Friday, December 6, 2013
By Jesse Scardina firstname.lastname@example.org
CLINTON — Earlier this month, a window was busted out at the American Legion post, swings were stolen from the elementary school playground and the scoreboard at Gordon Field was marked with dents and holes “similar to what a crowbar would leave,” according to police reports.
Police officer Charles Theobald recently was hired by the Clinton police department.
Staff photo by David Leaming
The vandalism during a three-day period — mixed in with other calls such as threatening, theft and noise complaints — are all examples of some of the calls for service residents have made from the police department in the last two weeks.
They’re also the type of calls that wouldn’t receive immediate attention without a local police department.
During three public hearings at selectmen’s meetings the last two months, residents have hashed out whether they want to keep the police department.
Town voters will reconsider the police budget in a referendum from noon to 7 p.m., Tuesday, Aug. 13, at the town office. Voters rejected the department’s last budget proposal at the annual Town Meeting on June 11.
If voters reject the budget, the department will continue to operate on the amount budgeted for last year and face a vote in June that could dissolve the department.
The proposed budget is $90 less than last year’s $198,044.
Depends on what’s going on
Clinton Police Chief Craig Johnson said Wednesday that the investigation into the vandalism reported July 21 through 23 is ongoing, but said there are persons of interest.
Violations of the curfew ordinance involving juveniles occurred around the same time as the vandalism, but he can’t confirm whether the two were connected.
According to Johnson, several young people were spotted breaking curfew. According to local ordinance, anyone under 18 years old can’t wander or loiter in Clinton from 10 p.m. to 5 a.m. unless accompanied by a parent or guardian or on an emergency errand.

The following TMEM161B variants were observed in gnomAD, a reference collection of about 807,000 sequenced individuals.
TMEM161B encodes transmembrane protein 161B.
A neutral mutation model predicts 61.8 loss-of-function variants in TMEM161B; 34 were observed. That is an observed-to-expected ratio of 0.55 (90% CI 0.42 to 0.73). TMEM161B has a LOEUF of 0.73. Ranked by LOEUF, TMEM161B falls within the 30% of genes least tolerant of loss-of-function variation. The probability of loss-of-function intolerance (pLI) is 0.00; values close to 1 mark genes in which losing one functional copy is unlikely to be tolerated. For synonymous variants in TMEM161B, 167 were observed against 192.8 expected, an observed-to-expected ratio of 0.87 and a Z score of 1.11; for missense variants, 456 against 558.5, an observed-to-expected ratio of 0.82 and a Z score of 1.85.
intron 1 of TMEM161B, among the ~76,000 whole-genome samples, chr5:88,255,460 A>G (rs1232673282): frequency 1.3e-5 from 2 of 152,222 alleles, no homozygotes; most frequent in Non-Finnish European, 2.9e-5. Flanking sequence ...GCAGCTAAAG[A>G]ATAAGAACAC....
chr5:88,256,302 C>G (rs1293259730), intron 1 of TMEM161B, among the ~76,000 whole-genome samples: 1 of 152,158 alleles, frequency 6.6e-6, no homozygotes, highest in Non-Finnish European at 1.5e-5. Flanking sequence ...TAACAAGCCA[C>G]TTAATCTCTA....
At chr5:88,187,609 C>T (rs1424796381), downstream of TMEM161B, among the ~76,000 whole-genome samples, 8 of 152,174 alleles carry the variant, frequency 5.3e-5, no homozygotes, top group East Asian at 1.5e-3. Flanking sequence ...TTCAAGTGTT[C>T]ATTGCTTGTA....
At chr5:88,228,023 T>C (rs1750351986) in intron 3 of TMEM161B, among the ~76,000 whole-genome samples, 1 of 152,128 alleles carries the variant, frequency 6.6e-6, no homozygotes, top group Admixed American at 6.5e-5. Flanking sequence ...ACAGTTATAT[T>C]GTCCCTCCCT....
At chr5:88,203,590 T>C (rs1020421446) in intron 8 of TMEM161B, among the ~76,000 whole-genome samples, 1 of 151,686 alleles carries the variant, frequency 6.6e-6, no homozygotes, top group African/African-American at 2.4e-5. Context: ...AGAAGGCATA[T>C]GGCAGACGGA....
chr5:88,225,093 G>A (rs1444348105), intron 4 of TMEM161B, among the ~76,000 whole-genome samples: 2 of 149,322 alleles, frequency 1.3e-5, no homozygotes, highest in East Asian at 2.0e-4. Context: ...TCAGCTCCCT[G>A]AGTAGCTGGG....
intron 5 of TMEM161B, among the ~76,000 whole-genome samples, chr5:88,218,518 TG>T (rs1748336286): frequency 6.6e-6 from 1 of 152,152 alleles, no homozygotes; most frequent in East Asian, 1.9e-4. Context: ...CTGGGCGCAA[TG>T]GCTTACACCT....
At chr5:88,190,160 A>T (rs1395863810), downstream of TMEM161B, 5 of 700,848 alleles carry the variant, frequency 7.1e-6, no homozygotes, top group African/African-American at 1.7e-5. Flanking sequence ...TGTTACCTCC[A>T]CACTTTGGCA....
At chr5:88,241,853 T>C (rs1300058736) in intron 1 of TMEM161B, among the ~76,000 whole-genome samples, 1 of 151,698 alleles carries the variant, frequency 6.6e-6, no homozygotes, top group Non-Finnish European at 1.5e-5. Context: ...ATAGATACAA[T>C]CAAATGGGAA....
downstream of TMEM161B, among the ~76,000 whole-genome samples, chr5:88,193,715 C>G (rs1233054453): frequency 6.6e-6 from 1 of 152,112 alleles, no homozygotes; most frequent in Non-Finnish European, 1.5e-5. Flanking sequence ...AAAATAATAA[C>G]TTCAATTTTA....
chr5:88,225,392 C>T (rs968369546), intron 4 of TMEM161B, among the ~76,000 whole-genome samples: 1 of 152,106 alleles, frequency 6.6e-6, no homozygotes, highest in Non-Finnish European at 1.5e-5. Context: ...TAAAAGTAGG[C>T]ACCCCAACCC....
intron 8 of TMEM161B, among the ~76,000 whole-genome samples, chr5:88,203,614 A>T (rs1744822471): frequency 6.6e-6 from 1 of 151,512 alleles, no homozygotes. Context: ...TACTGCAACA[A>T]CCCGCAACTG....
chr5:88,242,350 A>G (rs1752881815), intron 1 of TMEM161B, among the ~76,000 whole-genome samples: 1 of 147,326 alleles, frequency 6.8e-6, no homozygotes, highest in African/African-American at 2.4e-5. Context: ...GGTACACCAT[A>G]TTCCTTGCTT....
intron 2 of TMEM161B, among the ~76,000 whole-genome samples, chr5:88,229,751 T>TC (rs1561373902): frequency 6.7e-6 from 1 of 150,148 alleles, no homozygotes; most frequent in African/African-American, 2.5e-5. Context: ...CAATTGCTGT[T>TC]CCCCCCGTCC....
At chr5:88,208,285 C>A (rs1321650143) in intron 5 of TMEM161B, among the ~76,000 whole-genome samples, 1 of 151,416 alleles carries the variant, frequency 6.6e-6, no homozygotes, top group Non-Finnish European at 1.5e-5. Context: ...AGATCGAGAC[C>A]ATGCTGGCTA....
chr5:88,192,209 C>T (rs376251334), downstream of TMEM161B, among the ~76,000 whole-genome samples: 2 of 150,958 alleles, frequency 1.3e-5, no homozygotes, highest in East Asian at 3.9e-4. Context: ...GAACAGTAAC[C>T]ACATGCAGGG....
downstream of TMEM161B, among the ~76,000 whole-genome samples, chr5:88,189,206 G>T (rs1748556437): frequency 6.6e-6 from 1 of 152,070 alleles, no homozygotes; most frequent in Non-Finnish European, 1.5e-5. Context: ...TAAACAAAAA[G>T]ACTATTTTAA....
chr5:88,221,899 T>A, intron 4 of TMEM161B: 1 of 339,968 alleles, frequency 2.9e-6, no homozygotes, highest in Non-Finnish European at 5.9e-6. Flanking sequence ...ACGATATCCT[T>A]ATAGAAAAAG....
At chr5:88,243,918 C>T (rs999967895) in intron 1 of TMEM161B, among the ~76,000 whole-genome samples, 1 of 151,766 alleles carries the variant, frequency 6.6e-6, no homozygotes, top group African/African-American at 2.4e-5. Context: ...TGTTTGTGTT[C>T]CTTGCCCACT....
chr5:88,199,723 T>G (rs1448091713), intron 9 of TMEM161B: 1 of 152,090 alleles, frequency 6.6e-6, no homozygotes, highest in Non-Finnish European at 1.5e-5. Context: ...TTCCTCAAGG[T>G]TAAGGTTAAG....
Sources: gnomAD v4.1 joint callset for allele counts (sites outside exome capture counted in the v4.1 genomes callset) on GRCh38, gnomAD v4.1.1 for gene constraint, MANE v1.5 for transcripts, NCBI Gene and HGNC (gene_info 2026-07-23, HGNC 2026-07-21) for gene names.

The issues of vandalism or enforcing other town ordinances is the responsibility of local police departments. State police and sheriff’s departments do not enforce local ordinances, and while they’re patroling, calls for vandalism will be responded to “depending on what’s happening at that time,” according to Sheriff Randall Liberty of the Kennebec County Sheriff’s Office.
“If nothing’s going on, we may work on vandalism,” Liberty said. “It’s around 12th or 13th on the (priority) list,” he said. He said high priority calls included violence against people, robberies and burglaries.
According to the annual Clinton town report, more than 150 thefts, 80 criminal mischief cases, 30 operating under the influence charges and 22 drug violations have been reported since 2010.
The scoreboard was valued at about $600, and the town is still deciding whether to repair it. Town Manager Warren Hatch said the decision to replace the missing swings is up to Fairfield-based School Administrative 49.
‘Mostly angry people show up’
Former planning board chair Michael Walton, 63, has lived in Clinton for 17 years, and believes it would be useless to have a curfew if there’s no one to police it.
“We have a curfew set up, but without a local police department, you might as well throw that out,” Walton said.
He also said he’s supported the police department in the past and said he will continue to put up signs and provide awareness for the upcoming vote.
“Right now, we don’t have enough signs to remind people to vote,” Walton said. “I’m worried about it enough. What happens, is it appears with low voter turnout, mostly angry people show up.”
Walton is hoping that while the support of the department was apparent at all three public meetings, he wonders if those same supporters will show up at the polls on Aug. 13.
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